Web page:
Take-up of Andrew Gilligan's careful ferreting by outlets from the Today programme and Sky News to political blogs certainly helped to spread the impact. So did Wadley's attention-grabbing headlines and Standard billboards, which are seen by many Londoners who do not buy the newspaper itself. But in the end the Standard's "success" in seeing Johnson elected probably owes most to the same reasons that, less than a week before polling day, saw The Sun endorse Johnson as "a new and fresh champion for London".

Veronica Wadley's greatest editorial asset in the London election was a keen awareness of which way the wind was blowing. With the electorate throughout England abandoning Labour for the Conservatives, Londoners were unlikely to choose Ken over Boris. So the Standard gave its affluent, but worried, middle-class readers the political message they most wanted to hear.

Tim Luckhurst is professor of journalism at the University of Kent

Have you tried new the Independent Digital Edition apps?
ebooksAn unforgettable anthology of contemporary reportage
Life and Style
food + drink
Life and Style
Shoppers in Covent Garden, London, celebrate after they were the first to buy the iPhone 6, released yesterday
Liam Payne has attacked the media for reporting his tweet of support to Willie Robertson and the subsequent backlash from fans
peopleBut One Direction star insists he is not homophobic
Life and Style
healthFor Pure-O OCD sufferers this is a reality they live in
Arts and Entertainment
A bit rich: Maggie Smith in Downton Abbey
tvSeries 5 opening episode attracts lowest ratings since drama began
Arts and Entertainment
Ben Affleck stars as prime suspect Nick Dunne in the film adaptation of Gone Girl
filmBen Affleck and Rosamund Pike excel in David Fincher's film, says Geoffrey Macnab
Life and Style
Warner Bros released a mock-up of what the new Central Perk will look like
Arts and Entertainment
Lena Dunham
booksLena Dunham's memoirs - written at the age of 28 - are honest to the point of making you squirm
Arts and Entertainment
Jake Quickenden sings his heart out in his second audition
tvX Factor: How did the Jakes - and Charlie Martinez - fare?
Latest stories from i100
Have you tried new the Independent Digital Edition apps?
Independent Dating

By clicking 'Search' you
are agreeing to our
Terms of Use.

iJobs Job Widget
iJobs Media

Senior Account Executive / Account Executive

£25 - 30k (DOE) + Bonus & Benefits: Guru Careers: We are looking for an Accoun...

Account Manager / Sales Account Manager / Recruitment Account Manager

£25k Basic (DOE) – (£30k year 1 OTE) : Guru Careers: We are seeking a bright A...

Resourcer / Junior Recruiter

£15-20k (DOE) + Benefits / Bonus: Guru Careers: We are seeking a bright R...

Web Designer / Digital Designer

£25 - 40k (DOE) + Excellent Benefits: Guru Careers: We are seeking a Web Desig...

Day In a Page

A roller-coaster tale from the 'voice of a generation'

Not That Kind of Girl:

A roller-coaster tale from 'voice of a generation' Lena Dunham
London is not bedlam or a cradle of vice. In fact it, as much as anywhere, deserves independence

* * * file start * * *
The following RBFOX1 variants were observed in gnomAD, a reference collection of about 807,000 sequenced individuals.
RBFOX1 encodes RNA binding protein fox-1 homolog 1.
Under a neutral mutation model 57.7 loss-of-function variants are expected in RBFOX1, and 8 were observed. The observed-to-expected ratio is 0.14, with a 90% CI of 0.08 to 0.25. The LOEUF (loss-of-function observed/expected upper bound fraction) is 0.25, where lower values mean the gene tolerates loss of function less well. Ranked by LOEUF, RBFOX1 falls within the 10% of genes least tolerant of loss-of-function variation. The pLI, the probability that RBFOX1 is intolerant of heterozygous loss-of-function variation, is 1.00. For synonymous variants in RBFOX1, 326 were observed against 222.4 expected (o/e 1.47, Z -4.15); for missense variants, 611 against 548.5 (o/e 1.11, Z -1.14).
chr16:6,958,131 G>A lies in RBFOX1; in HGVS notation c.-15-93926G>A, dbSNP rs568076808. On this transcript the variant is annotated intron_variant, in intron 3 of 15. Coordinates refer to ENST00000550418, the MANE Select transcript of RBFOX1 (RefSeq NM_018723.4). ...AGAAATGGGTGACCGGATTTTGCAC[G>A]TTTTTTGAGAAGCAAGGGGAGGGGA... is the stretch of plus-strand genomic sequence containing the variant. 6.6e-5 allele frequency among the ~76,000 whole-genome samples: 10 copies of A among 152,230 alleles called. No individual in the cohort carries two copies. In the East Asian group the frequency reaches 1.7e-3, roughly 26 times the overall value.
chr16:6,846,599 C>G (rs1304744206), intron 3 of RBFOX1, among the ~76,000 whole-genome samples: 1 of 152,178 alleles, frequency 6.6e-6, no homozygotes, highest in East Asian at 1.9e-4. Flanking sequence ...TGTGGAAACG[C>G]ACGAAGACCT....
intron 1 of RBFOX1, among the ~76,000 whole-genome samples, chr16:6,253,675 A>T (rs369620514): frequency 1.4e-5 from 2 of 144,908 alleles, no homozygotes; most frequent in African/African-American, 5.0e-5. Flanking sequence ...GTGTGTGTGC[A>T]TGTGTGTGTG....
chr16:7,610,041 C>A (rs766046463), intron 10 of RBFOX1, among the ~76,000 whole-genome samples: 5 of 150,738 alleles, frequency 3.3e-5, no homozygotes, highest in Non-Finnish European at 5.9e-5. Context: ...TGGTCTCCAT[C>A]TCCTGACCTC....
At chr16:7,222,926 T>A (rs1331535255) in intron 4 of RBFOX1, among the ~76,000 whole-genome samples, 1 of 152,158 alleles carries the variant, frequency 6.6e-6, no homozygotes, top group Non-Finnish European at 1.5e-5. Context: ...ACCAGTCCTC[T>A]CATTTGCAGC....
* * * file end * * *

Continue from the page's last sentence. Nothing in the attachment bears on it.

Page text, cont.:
London is not bedlam or a cradle of vice

In fact it, as much as anywhere, deserves independence
Vivienne Westwood 'didn’t want' relationship with Malcolm McLaren

Vivienne Westwood 'didn’t want' relationship with McLaren

Designer 'felt pressured' into going out with Sex Pistols manager
Jourdan Dunn: Model mother

Model mother

Jordan Dunn became one of the best-paid models in the world
Apple still coolest brand – despite U2 PR disaster

Apple still the coolest brand

Despite PR disaster of free U2 album
Scottish referendum: The Yes vote was the love that dared speak its name, but it was not to be

Despite the result, this is the end of the status quo

Boyd Tonkin on the fall-out from the Scottish referendum
Manolo Blahnik: The high priest of heels talks flats, Englishness, and why he loves Mary Beard

Manolo Blahnik: Flats, Englishness, and Mary Beard

The shoe designer who has been dubbed 'the patron saint of the stiletto'
The Beatles biographer reveals exclusive original manuscripts of some of the best pop songs ever written

Scrambled eggs and LSD

Behind The Beatles' lyrics - thanks to Hunter Davis's original manuscript copies
'Normcore' fashion: Blending in is the new standing out in latest catwalk non-trend

'Normcore': Blending in is the new standing out

Just when fashion was in grave danger of running out of trends, it only went and invented the non-trend. Rebecca Gonsalves investigates
Dance’s new leading ladies fight back: How female vocalists are now writing their own hits

New leading ladies of dance fight back

How female vocalists are now writing their own hits
Mystery of the Ground Zero wedding photo

A shot in the dark

Mystery of the wedding photo from Ground Zero
His life, the universe and everything

His life, the universe and everything

New biography sheds light on comic genius of Douglas Adams
Save us from small screen superheroes

Save us from small screen superheroes

Shows like Agents of S.H.I.E.L.D are little more than marketing tools
Reach for the skies

Reach for the skies

From pools to football pitches, rooftop living is looking up
These are the 12 best hotel spas in the UK

12 best hotel spas in the UK

Some hotels go all out on facilities; others stand out for the sheer quality of treatments